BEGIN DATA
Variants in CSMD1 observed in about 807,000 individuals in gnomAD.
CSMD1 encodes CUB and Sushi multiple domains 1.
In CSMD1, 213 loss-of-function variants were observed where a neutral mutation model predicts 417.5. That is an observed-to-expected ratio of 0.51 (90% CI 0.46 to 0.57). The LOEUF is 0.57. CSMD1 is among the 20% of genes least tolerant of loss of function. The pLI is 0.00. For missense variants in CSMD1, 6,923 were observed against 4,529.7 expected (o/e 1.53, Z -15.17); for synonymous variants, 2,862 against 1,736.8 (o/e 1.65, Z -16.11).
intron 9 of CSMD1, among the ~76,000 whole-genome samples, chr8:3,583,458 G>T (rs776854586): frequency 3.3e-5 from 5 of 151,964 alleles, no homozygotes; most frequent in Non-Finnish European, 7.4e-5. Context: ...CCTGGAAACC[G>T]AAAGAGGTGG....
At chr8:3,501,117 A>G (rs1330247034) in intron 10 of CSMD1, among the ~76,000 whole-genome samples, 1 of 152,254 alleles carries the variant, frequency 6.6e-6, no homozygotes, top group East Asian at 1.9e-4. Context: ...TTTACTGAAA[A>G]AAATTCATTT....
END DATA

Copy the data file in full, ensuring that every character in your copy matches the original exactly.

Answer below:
Variants in CSMD1 observed in about 807,000 individuals in gnomAD.
CSMD1 encodes CUB and Sushi multiple domains 1.
In CSMD1, 213 loss-of-function variants were observed where a neutral mutation model predicts 417.5. That is an observed-to-expected ratio of 0.51 (90% CI 0.46 to 0.57). The LOEUF is 0.57. CSMD1 is among the 20% of genes least tolerant of loss of function. The pLI is 0.00. For missense variants in CSMD1, 6,923 were observed against 4,529.7 expected (o/e 1.53, Z -15.17); for synonymous variants, 2,862 against 1,736.8 (o/e 1.65, Z -16.11).
intron 9 of CSMD1, among the ~76,000 whole-genome samples, chr8:3,583,458 G>T (rs776854586): frequency 3.3e-5 from 5 of 151,964 alleles, no homozygotes; most frequent in Non-Finnish European, 7.4e-5. Context: ...CCTGGAAACC[G>T]AAAGAGGTGG....
At chr8:3,501,117 A>G (rs1330247034) in intron 10 of CSMD1, among the ~76,000 whole-genome samples, 1 of 152,254 alleles carries the variant, frequency 6.6e-6, no homozygotes, top group East Asian at 1.9e-4. Context: ...TTTACTGAAA[A>G]AAATTCATTT....